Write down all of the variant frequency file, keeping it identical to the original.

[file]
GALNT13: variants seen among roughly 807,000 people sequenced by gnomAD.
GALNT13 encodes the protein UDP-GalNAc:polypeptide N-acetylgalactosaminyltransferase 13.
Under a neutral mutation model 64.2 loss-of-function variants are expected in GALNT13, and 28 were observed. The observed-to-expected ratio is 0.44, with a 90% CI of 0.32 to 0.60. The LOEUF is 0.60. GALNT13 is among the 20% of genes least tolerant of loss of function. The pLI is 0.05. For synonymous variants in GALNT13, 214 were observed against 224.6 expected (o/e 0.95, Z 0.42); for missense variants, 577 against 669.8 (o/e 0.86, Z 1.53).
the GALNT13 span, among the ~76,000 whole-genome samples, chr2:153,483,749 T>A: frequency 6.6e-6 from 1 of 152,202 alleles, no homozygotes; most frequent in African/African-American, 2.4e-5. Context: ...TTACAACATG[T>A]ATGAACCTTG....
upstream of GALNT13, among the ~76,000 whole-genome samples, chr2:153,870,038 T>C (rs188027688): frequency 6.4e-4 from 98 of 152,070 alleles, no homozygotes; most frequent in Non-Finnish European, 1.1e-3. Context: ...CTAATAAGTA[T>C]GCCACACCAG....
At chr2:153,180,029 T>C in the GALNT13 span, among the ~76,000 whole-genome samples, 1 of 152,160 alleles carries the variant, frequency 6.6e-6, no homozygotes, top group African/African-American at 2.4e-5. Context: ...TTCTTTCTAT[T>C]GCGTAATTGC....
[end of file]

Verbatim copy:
GALNT13: variants seen among roughly 807,000 people sequenced by gnomAD.
GALNT13 encodes the protein UDP-GalNAc:polypeptide N-acetylgalactosaminyltransferase 13.
Under a neutral mutation model 64.2 loss-of-function variants are expected in GALNT13, and 28 were observed. The observed-to-expected ratio is 0.44, with a 90% CI of 0.32 to 0.60. The LOEUF is 0.60. GALNT13 is among the 20% of genes least tolerant of loss of function. The pLI is 0.05. For synonymous variants in GALNT13, 214 were observed against 224.6 expected (o/e 0.95, Z 0.42); for missense variants, 577 against 669.8 (o/e 0.86, Z 1.53).
the GALNT13 span, among the ~76,000 whole-genome samples, chr2:153,483,749 T>A: frequency 6.6e-6 from 1 of 152,202 alleles, no homozygotes; most frequent in African/African-American, 2.4e-5. Context: ...TTACAACATG[T>A]ATGAACCTTG....
upstream of GALNT13, among the ~76,000 whole-genome samples, chr2:153,870,038 T>C (rs188027688): frequency 6.4e-4 from 98 of 152,070 alleles, no homozygotes; most frequent in Non-Finnish European, 1.1e-3. Context: ...CTAATAAGTA[T>C]GCCACACCAG....
At chr2:153,180,029 T>C in the GALNT13 span, among the ~76,000 whole-genome samples, 1 of 152,160 alleles carries the variant, frequency 6.6e-6, no homozygotes, top group African/African-American at 2.4e-5. Context: ...TTCTTTCTAT[T>C]GCGTAATTGC....